In these times of economic volatility all eyes focus on the bottom line. As the CEO of a large Peer Run non-profit organization, you can bet my eyes and attention are held fast to the bottom line. But they are also held to the people we serve and those that are still in need of services. Through employee empowerment, networking and collaborations as well as creative program development in areas that are "hot" and not affected by social service budget cuts, I continually explore and develop opportunities for our fiscal and organization growth. As a NAMI board member, on occasion I get the "hmm you have gone too far outside of the box" but my success lies in pushing the boundary, going outside of the box yet knowing we exist within a rectangle. For NAMI this means fresh new ideas, collaborations and opportunities that are always driven by our mission, vision and core values.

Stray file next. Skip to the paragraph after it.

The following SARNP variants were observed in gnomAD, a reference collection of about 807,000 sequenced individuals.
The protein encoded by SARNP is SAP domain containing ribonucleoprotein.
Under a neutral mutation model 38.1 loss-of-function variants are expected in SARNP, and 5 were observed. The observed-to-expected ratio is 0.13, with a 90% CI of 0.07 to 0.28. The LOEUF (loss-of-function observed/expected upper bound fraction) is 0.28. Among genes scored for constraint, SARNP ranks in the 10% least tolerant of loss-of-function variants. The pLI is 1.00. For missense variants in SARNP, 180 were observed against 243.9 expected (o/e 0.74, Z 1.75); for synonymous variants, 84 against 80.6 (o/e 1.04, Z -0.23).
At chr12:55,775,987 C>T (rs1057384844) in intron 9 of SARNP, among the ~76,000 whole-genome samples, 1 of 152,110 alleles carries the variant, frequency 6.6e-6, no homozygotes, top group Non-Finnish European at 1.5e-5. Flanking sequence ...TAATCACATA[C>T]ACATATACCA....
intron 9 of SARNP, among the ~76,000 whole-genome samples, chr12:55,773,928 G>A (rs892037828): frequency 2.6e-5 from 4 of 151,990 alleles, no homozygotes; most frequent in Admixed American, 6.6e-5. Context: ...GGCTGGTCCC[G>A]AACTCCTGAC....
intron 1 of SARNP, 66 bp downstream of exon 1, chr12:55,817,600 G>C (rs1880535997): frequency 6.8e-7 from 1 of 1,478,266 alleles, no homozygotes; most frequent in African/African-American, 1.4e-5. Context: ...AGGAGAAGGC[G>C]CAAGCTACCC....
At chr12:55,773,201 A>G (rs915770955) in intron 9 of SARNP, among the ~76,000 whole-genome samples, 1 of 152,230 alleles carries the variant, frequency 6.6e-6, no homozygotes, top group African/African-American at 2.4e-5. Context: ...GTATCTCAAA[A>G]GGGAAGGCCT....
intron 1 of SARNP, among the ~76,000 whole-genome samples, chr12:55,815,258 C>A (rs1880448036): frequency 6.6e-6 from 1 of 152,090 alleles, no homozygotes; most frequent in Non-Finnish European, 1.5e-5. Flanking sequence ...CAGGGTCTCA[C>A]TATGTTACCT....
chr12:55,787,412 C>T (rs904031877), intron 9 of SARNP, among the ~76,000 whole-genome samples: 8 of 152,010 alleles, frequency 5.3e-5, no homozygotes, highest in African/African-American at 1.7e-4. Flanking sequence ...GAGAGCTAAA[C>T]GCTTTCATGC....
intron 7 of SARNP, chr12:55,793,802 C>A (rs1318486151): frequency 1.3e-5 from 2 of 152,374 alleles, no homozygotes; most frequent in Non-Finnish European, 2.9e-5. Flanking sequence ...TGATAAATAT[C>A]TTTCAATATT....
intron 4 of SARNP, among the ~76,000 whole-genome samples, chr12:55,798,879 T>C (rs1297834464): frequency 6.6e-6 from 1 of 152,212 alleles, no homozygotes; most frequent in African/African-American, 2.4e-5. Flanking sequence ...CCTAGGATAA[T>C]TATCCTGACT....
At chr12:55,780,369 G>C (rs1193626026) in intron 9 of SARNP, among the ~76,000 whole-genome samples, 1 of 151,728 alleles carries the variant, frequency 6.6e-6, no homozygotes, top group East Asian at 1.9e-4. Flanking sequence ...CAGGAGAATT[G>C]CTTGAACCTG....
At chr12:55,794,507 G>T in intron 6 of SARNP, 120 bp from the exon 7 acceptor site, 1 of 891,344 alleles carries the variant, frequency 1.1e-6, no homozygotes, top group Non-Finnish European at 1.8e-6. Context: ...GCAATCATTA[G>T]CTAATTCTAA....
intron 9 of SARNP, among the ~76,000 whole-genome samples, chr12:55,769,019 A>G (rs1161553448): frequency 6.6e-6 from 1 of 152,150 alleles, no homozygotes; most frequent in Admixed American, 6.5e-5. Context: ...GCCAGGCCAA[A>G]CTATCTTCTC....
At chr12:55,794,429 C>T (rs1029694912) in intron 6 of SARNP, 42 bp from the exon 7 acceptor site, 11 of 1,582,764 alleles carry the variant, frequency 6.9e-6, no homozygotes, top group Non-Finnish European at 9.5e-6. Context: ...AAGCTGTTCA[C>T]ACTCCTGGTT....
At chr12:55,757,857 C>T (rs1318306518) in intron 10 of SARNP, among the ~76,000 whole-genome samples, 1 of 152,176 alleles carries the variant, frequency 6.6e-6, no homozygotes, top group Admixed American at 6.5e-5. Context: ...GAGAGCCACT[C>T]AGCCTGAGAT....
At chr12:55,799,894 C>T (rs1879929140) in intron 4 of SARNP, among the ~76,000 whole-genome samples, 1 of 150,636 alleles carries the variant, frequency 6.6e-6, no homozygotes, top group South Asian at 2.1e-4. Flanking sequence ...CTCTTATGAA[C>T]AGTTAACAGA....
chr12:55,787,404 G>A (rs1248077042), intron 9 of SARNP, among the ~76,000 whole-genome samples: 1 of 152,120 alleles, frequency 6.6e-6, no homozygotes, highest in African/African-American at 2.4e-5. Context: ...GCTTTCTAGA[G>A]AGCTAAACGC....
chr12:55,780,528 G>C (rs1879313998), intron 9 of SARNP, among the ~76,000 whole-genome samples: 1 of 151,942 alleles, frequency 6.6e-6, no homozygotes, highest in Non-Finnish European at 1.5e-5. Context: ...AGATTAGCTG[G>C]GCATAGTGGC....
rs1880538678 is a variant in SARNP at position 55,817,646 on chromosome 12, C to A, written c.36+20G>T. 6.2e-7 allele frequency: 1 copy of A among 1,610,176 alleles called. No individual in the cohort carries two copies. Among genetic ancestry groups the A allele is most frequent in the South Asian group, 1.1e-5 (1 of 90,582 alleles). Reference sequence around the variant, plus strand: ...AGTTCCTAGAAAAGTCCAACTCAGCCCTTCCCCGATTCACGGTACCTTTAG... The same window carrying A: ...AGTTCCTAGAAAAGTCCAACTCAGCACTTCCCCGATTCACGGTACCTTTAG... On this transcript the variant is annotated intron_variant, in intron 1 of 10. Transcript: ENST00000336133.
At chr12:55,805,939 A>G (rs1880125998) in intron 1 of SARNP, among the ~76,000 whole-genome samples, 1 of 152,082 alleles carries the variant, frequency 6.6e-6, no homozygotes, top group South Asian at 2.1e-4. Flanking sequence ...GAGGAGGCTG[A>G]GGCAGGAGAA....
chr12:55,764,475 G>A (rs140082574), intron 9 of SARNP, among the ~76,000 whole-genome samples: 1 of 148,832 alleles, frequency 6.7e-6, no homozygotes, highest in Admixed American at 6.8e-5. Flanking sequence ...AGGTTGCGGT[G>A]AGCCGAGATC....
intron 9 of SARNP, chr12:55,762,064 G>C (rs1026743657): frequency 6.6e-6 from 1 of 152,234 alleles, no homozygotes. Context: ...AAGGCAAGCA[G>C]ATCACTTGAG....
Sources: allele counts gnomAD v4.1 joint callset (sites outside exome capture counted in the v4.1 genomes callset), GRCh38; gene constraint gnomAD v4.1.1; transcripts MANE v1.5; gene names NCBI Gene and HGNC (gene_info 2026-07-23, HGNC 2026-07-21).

I have managed budgets in excess of 2 million dollars and served as the treasurer for the NAMI California board. Further, my background in marketing research and analysis has proven results in exceeding marketing objectives. My MBA is worth its weight in gold but I am pretty sure my creative nature, interest in people and the knowledge that too many people need and go without help combined with the "book learning" is worth its weight in gold to NAMI.
|Job Title or Position:||Chief Executive Officer|
|Employer:||Project Return Peer Support Network|
|NAMI Affiliations:||NNAMI San Gabriel Valley, member; NAMI, Board member|
|Other Board Service:||Project Return Peer Support Network, Board President (reports to Board Chair)|
|Public Office:||I am not currently serving in any public/elected office.|